Adding a thin coating of the biocompatible polymer poly(ethylene glycol) (PEG) to the surface of sulfur-modified, or thiolated, nanoparticles designed to fall apart inside tumors, prolongs the time that the resulting nanoparticles remain in tumors.
The resulting nanoparticles also remain in the bloodstream longer than is typical of gelatin nanoparticles, which could have the effect of improving the tumor-targeting properties of these nanoparticles.
Mansoor Amiji, Ph.D., who heads the National Cancer Institute’s Cancer Nanotechnology Platform Partnership at Northeastern University, and graduate student Sushma Kommareddy studied the biodistribution and pharmacokinetic properties of a gelatin-based nanoparticle designed to disintegrate inside tumor cells specifically, both with and without the PEG coating. These investigators added a radioactive tag – 111Indium – to the nanoparticles in order to track their location within the body of mice with human breast tumors. The two researchers reported their work in the Journal of Pharmaceutical Sciences.
After injecting one of four different nanoparticles – gelatin, thiolated gelatin, PEG-coated gelatin, and PEG-coated thiolated gelatin – into the bloodstream of the test animals, the investigators tracked the particles as they circulated through the body and accumulated within the tumors. The nanoparticles, which ranged in size from 230 nanometers in diameter for the gelatin nanoparticles to 329 nanometers in diameter for the PEG-modified gelatin nanoparticles, were all small enough to accumulate within solid tumors by the enhanced permeation and retention effect.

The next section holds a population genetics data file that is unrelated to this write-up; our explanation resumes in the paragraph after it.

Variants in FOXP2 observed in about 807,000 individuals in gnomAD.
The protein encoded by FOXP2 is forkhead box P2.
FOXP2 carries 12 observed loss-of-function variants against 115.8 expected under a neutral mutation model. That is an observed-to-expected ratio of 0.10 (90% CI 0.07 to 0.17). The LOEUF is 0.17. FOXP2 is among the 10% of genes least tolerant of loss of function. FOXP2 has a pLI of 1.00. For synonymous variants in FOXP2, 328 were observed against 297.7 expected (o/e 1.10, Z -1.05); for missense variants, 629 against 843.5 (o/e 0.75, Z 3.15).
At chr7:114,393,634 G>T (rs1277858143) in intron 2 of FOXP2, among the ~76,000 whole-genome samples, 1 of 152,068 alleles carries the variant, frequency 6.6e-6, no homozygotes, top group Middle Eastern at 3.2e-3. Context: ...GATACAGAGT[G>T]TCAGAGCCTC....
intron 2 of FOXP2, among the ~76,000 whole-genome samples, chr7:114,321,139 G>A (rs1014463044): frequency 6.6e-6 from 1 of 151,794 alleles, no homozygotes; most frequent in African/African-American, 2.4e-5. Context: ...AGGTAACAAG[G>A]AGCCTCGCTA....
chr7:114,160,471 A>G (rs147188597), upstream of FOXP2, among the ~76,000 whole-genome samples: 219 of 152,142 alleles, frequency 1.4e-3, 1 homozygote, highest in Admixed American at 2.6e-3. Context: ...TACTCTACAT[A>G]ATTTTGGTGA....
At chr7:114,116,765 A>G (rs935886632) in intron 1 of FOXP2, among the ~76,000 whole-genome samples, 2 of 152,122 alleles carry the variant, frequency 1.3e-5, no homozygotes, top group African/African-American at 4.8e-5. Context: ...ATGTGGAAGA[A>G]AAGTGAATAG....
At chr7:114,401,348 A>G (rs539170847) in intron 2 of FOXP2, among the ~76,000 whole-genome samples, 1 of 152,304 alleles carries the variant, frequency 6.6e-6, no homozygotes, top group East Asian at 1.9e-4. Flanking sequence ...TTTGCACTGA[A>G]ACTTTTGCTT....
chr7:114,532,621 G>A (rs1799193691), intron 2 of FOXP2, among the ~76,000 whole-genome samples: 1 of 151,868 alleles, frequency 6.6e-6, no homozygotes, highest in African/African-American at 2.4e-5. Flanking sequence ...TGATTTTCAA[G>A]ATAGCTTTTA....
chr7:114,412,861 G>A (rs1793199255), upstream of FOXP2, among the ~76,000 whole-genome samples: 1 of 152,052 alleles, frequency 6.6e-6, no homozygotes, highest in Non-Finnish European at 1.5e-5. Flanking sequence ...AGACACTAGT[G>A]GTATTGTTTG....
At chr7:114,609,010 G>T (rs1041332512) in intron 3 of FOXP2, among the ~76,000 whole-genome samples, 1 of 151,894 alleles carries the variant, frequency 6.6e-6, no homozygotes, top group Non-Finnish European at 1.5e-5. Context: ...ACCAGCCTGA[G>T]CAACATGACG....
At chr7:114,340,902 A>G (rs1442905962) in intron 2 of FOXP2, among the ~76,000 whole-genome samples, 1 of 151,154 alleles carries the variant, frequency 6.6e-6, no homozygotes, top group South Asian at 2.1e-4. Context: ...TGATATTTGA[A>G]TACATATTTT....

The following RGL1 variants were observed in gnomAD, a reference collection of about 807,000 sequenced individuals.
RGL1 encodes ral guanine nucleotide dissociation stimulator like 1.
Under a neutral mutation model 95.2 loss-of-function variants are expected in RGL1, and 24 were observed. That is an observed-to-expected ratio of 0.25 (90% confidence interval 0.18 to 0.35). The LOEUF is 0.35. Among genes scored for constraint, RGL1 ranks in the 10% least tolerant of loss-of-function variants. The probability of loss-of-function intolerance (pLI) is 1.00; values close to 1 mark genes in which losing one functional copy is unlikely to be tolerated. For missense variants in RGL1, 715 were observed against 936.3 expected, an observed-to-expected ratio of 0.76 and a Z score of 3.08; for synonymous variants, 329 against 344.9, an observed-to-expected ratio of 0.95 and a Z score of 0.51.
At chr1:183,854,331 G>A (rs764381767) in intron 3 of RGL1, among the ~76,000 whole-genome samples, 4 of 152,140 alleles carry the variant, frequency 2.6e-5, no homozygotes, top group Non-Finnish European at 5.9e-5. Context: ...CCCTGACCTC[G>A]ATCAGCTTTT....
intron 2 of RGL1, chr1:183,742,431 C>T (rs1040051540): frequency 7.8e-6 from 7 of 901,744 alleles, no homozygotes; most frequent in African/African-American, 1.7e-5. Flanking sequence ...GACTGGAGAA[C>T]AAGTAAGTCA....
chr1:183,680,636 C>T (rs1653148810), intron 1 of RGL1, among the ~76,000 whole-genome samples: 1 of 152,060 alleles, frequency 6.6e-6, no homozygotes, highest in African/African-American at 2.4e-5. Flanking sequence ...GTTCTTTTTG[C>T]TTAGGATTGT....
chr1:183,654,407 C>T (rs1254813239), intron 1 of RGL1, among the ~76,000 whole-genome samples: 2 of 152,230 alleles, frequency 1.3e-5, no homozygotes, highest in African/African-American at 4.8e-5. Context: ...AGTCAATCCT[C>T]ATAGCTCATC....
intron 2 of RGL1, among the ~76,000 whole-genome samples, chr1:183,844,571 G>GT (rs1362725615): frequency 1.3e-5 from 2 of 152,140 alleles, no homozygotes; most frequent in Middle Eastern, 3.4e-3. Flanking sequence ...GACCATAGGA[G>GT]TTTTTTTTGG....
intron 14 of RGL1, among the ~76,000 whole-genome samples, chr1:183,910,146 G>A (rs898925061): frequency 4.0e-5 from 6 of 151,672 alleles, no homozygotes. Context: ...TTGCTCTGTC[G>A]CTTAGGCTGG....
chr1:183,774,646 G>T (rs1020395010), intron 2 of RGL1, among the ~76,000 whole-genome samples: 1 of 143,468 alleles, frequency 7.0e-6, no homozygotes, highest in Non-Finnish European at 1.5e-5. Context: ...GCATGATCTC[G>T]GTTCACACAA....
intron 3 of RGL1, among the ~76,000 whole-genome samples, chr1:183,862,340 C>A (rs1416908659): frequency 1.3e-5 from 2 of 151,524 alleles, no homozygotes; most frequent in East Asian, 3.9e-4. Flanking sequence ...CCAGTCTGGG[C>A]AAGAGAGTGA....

By 12 hours after injection, only about 1 percent of the uncoated nanoparticles remained in circulation, compared to almost 7 percent of either of the two PEG-coated nanoparticles, which had nearly identical pharmacokinetic parameters. More importantly, tumors retained more of the PEG-coated nanoparticles than uncoated nanoparticles. Twelve hours after injection, the investigators recovered 13 percent of the PEG-coated nanoparticles from tumors, compared to 7 percent for the gelatin nanoparticles and 9 percent for the thiolated gelatin nanoparticles. The researchers calculated from their data that PEG-coated thiolated nanoparticles had a five-fold higher half-life in blood than either of the uncoated nanoparticles.
The researchers also noted a progressive increase in radioactivity appearing in the dosed animals’ kidneys. The investigators concluded from these data and others on tissue distribution that the kidneys act as the major excretion route for the nanoparticles.
This work, which was funded by the National Cancer Institute, is detailed in a paper titled, “Biodistribution and pharmacokinetic analysis of long-circulating thiolated gelatin nanoparticles following systemic administration in breast cancer-bearing mice.” This paper was published online in advance of print publication. An abstract is available through PubMed. View abstract.